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In the Eastern United States, there are lineups at the gas pumps not seen since the 1970s. There is a “gas shortage.” Georgia, Virginia and North Carolina have declared states of emergency.

The panic was triggered a cybersecurity attack. On May 7, the Colonial Pipeline, which supplies half the gas and diesel to the east coast from New Jersey to Texas, was hit, according to the FBO, by a cybercriminal ring called “Darkside” who launched a ransomware attack on Colonial. They hacked into Colonial’s cybersecurity and stole 100 gigabytes of data, and then held the data hostage. Colonial immediately stopped all pipeline operations. By May 10, Darkside had posted an apology for the disruption, claiming they had only wanted money.

Secretary of Homeland Security Alejandro Mayorkas explained the situation. “In cybersecurity, one is only as strong as one’s weakest link. And therefore we are indeed focused on identifying those weak links.”

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While true, this is a tad redundant. Everything is only as strong as its weakest link, that’s why they’re called “weakest links.”

It’s hard to determine precisely when the panic gained momentum, though if pressed to choose a moment, it was probably right about the time authorities told people not to panic.

“Let me emphasize that much as there was no cause for say, hoarding toilet paper at the beginning of the pandemic,” said Secretary of Energy Jennifer Granholm, “there should be no cause for hoarding gasoline, especially in light of the fact that the pipeline should be substantially operational by the end of this week and over the weekend.”

And so the hoarding increased.

Colonial Pipeline debacle could have remained a supply chain issue. Colonial had 26 to 27 days-worth of gas available at the time they ceased pipeline operations. Had people not panicked, it would have simply been an inconvenience. Still, the terror that gripped motorists at the prospect of future shortages led some to stockpile gasoline. By Monday, demand for gas had risen by a combined 40 per cent in Georgia, Florida, South Carolina, North Carolina and Virginia. In Raleigh, North Carolina, 72 per cent of stations were out of fuel by mid-week.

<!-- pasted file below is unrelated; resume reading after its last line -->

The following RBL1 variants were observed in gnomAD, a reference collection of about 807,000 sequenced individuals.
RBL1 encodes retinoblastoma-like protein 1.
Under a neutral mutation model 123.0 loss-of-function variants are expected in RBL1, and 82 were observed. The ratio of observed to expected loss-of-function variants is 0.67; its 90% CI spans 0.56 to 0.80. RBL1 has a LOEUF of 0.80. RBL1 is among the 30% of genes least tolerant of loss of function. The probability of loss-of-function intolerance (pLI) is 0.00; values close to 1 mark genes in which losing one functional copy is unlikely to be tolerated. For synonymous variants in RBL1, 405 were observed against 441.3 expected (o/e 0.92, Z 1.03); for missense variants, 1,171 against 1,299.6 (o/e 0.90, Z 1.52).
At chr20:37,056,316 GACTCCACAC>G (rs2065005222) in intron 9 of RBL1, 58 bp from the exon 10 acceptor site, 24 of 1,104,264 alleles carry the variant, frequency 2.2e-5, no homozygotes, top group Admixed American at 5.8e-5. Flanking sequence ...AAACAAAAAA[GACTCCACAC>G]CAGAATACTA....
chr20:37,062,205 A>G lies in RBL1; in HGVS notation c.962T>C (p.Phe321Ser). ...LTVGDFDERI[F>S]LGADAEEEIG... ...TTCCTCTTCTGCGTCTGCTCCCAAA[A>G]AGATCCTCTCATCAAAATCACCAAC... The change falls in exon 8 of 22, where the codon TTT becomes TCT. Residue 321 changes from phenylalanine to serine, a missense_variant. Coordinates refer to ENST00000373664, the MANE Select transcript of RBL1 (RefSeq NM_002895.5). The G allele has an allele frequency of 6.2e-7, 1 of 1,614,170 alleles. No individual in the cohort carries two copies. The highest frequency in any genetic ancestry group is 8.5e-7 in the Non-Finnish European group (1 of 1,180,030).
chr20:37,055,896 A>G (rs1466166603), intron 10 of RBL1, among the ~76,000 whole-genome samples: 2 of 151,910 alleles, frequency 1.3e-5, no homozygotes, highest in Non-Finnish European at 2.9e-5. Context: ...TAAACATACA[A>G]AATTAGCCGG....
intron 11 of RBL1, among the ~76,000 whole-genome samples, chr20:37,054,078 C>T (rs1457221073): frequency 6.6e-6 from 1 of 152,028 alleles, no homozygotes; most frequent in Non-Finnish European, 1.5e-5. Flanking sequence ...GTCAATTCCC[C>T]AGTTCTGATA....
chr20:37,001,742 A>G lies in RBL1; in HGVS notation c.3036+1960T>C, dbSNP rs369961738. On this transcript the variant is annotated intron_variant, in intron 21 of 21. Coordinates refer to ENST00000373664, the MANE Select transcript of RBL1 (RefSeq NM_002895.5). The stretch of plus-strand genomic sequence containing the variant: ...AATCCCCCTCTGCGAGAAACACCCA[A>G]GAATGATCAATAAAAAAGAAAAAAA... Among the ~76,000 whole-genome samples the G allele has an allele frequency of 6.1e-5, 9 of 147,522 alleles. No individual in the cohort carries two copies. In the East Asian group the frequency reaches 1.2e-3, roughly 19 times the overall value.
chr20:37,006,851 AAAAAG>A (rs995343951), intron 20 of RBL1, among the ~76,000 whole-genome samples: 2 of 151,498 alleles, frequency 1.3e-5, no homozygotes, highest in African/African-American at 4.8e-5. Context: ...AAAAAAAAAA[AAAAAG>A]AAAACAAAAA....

Social media is now filled with images of people filling 5-gallon canteens, garbage bags, coolers, giant basins, clear plastic bags, hot tubs, barrels and anything else that will hold liquid. Gas stations have run dry. Prices are way up. It’s humanity, not at its worst, but at its most gleefully ignorant. You can even find a video on Instagram of a man and a woman getting into a tussle at the self-serve. If you’re ever wondering, “Why has God forsaken us?” Check it out and you’ll have your answer.

Is there a gas shortage? No, there is lots of gas. As Tom Kloza, the head of energy analysis at the Oil Price Information Service, told PBS, “There is plenty of gasoline and there’s plenty of oil in North America and in the United States. And we have got extra refining capacity, and we’re going to be able to import fuel. But this is kind of the coalescing of social media and the fear of missing out on gasoline. They say we’re going to run out. And you’re seeing that behaviour. And the crowd is not making necessarily a wise decision.”

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“Not making necessarily a wise decision” is smart person speak for “egregiously dumb.”

In other words, the “Great Gasoline Shortage of 2021” was caused by people hoarding gas because they were afraid people were going to start hoarding gas. It was not caused, as was the case in the 1970s, by embargoes, political fallout from the Iranian Revolution and decreased production.

How will it all end? Probably with lots of people owning useless containers of gasoline. Given the profiles of those who hoarded, these containers will likely ignite, explode or otherwise be involved in some sort of accident. This is especially probable if they store them next to the rolls of toilet paper they hoarded during the “Great Toilet Paper Shortage of 2020.”

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